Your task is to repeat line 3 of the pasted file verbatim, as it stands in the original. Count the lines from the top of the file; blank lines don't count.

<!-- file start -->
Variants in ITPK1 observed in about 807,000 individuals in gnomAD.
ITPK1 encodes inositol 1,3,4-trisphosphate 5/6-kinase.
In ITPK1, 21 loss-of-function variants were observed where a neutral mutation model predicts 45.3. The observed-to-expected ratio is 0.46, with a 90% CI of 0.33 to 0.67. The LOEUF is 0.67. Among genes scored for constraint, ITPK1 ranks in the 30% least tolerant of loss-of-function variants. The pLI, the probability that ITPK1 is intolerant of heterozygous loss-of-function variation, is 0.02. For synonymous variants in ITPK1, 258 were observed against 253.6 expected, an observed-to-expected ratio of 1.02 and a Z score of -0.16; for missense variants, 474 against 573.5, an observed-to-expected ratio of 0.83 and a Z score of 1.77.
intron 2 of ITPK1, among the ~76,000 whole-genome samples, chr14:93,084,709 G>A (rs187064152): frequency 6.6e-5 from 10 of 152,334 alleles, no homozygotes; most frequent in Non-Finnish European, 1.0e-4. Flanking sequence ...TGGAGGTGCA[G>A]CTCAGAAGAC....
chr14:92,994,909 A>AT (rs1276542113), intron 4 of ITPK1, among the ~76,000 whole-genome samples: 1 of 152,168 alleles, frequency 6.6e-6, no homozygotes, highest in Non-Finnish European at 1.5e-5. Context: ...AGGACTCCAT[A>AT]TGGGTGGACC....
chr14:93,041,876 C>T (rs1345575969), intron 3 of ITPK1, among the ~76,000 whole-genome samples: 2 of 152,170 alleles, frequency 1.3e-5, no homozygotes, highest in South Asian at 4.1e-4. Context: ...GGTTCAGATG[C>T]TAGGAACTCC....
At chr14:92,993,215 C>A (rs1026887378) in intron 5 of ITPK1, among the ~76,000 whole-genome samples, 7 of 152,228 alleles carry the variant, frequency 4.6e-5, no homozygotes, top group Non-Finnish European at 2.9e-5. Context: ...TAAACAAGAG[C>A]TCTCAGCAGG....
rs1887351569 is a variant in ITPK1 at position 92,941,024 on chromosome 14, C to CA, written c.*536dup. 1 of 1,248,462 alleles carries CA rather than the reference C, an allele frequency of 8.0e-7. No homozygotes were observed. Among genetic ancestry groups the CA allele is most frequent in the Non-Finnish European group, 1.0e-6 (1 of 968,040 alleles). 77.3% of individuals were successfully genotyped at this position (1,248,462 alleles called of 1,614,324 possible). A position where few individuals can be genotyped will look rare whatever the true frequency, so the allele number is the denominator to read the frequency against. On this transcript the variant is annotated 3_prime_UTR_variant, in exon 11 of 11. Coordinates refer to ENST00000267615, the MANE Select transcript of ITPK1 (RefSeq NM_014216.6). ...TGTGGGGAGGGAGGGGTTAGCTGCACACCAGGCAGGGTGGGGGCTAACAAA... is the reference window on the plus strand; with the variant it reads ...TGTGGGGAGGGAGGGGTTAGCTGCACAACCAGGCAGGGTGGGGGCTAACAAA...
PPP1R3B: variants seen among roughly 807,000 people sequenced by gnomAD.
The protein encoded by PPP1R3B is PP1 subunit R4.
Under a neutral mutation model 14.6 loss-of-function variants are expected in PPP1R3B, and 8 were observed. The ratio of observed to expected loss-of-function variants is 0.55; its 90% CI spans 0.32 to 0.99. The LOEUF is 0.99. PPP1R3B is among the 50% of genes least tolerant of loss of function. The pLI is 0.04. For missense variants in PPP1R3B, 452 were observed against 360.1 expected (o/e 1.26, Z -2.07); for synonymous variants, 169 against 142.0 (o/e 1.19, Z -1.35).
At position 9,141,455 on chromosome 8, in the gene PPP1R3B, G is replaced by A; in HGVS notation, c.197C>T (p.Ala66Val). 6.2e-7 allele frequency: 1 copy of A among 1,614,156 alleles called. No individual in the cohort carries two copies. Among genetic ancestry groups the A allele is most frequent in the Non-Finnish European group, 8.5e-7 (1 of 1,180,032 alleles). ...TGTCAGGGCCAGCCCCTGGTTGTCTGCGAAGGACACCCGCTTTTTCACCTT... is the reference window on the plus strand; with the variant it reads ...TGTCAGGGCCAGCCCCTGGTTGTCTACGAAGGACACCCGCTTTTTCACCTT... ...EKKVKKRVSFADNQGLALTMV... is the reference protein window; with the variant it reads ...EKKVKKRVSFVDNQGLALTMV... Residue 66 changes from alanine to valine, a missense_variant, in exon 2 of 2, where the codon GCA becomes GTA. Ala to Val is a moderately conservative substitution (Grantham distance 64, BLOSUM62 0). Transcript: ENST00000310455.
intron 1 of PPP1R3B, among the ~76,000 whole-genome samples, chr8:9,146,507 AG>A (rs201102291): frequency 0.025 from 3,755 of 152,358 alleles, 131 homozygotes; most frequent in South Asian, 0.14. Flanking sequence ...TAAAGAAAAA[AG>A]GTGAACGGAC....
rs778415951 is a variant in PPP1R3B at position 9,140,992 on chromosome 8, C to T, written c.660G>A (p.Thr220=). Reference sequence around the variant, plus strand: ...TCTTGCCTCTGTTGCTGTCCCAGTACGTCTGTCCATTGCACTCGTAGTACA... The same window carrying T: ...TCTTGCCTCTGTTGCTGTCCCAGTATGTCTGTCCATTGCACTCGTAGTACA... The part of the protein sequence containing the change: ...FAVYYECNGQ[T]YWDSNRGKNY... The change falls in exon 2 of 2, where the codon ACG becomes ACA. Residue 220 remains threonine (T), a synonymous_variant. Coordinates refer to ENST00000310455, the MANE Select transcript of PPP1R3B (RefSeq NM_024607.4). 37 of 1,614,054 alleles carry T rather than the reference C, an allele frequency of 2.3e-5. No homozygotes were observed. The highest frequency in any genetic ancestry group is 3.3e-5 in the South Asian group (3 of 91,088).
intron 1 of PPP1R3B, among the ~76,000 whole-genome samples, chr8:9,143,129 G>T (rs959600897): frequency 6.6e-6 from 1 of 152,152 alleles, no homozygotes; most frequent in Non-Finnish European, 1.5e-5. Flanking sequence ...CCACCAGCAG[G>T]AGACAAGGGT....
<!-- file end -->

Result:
In ITPK1, 21 loss-of-function variants were observed where a neutral mutation model predicts 45.3. The observed-to-expected ratio is 0.46, with a 90% CI of 0.33 to 0.67. The LOEUF is 0.67. Among genes scored for constraint, ITPK1 ranks in the 30% least tolerant of loss-of-function variants. The pLI, the probability that ITPK1 is intolerant of heterozygous loss-of-function variation, is 0.02. For synonymous variants in ITPK1, 258 were observed against 253.6 expected, an observed-to-expected ratio of 1.02 and a Z score of -0.16; for missense variants, 474 against 573.5, an observed-to-expected ratio of 0.83 and a Z score of 1.77.